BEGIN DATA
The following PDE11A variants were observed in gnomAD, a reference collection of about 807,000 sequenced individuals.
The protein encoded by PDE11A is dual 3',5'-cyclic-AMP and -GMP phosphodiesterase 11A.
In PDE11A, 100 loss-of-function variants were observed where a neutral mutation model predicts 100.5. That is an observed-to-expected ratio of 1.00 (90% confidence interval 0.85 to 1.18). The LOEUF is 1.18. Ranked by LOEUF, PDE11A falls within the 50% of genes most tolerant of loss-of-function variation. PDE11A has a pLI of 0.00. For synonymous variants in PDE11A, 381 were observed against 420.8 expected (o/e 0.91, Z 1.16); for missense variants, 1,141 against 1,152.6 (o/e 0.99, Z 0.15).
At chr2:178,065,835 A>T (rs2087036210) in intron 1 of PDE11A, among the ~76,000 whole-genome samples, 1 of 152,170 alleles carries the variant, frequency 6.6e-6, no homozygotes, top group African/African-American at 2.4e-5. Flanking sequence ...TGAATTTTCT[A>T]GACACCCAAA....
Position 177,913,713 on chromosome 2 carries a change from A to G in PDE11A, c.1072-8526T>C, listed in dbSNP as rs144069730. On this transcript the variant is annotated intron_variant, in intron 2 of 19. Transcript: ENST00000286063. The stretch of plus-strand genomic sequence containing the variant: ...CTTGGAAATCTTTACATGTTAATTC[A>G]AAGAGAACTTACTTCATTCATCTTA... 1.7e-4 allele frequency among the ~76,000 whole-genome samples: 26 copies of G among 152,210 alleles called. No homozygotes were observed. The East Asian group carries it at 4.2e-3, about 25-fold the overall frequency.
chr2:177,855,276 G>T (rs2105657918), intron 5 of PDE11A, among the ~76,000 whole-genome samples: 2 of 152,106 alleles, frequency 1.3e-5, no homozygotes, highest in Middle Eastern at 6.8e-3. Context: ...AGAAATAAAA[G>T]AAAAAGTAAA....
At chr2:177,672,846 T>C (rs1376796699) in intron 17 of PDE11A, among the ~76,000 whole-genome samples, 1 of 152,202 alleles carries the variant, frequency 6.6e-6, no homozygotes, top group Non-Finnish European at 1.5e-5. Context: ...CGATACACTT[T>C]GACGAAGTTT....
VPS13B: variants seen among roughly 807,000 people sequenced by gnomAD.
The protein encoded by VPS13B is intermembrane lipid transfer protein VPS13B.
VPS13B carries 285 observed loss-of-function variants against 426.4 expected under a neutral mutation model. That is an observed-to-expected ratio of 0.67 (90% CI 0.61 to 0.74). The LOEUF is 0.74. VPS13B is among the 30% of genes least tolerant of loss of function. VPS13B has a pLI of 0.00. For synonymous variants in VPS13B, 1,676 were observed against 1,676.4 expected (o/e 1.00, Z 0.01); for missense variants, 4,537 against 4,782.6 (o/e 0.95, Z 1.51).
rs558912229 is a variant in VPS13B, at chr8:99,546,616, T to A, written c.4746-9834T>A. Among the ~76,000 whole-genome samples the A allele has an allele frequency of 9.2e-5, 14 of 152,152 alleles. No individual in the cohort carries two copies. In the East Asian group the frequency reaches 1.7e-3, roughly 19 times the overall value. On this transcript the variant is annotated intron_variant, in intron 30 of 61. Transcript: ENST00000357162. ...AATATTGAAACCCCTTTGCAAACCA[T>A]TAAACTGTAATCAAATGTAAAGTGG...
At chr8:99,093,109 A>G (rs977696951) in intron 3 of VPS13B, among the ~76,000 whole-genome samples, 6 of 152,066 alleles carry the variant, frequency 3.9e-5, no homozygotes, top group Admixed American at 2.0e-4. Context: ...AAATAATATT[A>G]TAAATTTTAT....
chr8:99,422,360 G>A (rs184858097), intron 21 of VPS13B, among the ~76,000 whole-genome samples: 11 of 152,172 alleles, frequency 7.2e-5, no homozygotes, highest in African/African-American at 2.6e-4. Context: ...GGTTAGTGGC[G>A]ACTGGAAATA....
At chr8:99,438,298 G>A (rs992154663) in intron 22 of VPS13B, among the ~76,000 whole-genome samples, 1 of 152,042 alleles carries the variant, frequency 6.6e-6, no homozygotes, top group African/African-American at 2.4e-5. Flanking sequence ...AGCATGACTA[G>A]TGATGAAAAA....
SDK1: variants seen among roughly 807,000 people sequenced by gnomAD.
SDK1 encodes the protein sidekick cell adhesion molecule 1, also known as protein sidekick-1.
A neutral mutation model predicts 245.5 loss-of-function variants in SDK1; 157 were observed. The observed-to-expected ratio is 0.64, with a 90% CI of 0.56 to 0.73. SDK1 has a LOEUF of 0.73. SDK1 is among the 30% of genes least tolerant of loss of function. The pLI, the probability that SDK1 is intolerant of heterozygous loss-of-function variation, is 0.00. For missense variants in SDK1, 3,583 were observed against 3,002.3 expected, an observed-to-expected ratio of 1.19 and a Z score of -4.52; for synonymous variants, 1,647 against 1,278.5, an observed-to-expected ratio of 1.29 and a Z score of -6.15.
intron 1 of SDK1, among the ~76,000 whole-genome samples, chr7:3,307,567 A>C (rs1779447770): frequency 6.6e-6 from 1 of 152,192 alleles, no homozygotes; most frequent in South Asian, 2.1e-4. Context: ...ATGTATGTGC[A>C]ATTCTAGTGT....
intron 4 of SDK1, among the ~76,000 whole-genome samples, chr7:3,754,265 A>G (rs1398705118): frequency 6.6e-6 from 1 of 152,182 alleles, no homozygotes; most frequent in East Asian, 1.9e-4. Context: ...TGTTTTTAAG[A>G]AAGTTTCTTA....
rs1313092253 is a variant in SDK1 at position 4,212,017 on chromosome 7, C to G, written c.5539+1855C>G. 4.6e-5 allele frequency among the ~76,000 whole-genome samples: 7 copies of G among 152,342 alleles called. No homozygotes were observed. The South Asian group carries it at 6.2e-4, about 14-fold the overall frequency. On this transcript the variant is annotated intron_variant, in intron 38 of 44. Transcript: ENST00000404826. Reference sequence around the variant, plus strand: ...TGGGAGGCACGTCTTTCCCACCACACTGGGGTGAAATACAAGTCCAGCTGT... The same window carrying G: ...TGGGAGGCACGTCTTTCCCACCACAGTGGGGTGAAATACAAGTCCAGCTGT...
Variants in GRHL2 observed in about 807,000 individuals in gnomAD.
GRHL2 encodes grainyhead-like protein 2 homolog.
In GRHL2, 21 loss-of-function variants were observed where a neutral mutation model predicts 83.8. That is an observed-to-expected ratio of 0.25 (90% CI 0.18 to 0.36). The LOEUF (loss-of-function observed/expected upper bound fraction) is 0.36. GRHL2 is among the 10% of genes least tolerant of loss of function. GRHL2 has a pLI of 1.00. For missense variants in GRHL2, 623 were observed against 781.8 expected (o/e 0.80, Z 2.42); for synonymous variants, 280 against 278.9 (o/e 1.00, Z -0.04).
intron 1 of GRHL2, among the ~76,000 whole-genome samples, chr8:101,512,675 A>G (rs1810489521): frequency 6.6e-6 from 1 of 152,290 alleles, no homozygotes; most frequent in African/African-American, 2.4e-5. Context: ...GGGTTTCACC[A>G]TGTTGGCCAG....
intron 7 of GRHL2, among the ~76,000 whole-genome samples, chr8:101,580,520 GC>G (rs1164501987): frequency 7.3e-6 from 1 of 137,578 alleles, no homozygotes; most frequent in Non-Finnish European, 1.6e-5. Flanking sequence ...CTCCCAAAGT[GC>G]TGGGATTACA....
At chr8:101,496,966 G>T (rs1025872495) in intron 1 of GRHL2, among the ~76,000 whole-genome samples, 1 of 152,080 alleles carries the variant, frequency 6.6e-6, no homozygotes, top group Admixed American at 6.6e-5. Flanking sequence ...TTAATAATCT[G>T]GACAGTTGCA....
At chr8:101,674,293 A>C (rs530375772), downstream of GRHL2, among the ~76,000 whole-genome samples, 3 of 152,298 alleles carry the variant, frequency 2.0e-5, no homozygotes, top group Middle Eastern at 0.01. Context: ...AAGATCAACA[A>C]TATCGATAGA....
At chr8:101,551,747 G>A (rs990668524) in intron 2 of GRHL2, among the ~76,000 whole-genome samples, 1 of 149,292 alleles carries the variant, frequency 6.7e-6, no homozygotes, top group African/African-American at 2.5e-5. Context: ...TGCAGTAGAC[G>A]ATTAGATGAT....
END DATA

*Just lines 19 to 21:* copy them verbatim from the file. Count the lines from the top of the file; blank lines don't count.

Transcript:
intron 4 of SDK1, among the ~76,000 whole-genome samples, chr7:3,754,265 A>G (rs1398705118): frequency 6.6e-6 from 1 of 152,182 alleles, no homozygotes; most frequent in East Asian, 1.9e-4. Context: ...TGTTTTTAAG[A>G]AAGTTTCTTA....
rs1313092253 is a variant in SDK1 at position 4,212,017 on chromosome 7, C to G, written c.5539+1855C>G. 4.6e-5 allele frequency among the ~76,000 whole-genome samples: 7 copies of G among 152,342 alleles called. No homozygotes were observed. The South Asian group carries it at 6.2e-4, about 14-fold the overall frequency. On this transcript the variant is annotated intron_variant, in intron 38 of 44. Transcript: ENST00000404826. Reference sequence around the variant, plus strand: ...TGGGAGGCACGTCTTTCCCACCACACTGGGGTGAAATACAAGTCCAGCTGT... The same window carrying G: ...TGGGAGGCACGTCTTTCCCACCACAGTGGGGTGAAATACAAGTCCAGCTGT...
Variants in GRHL2 observed in about 807,000 individuals in gnomAD.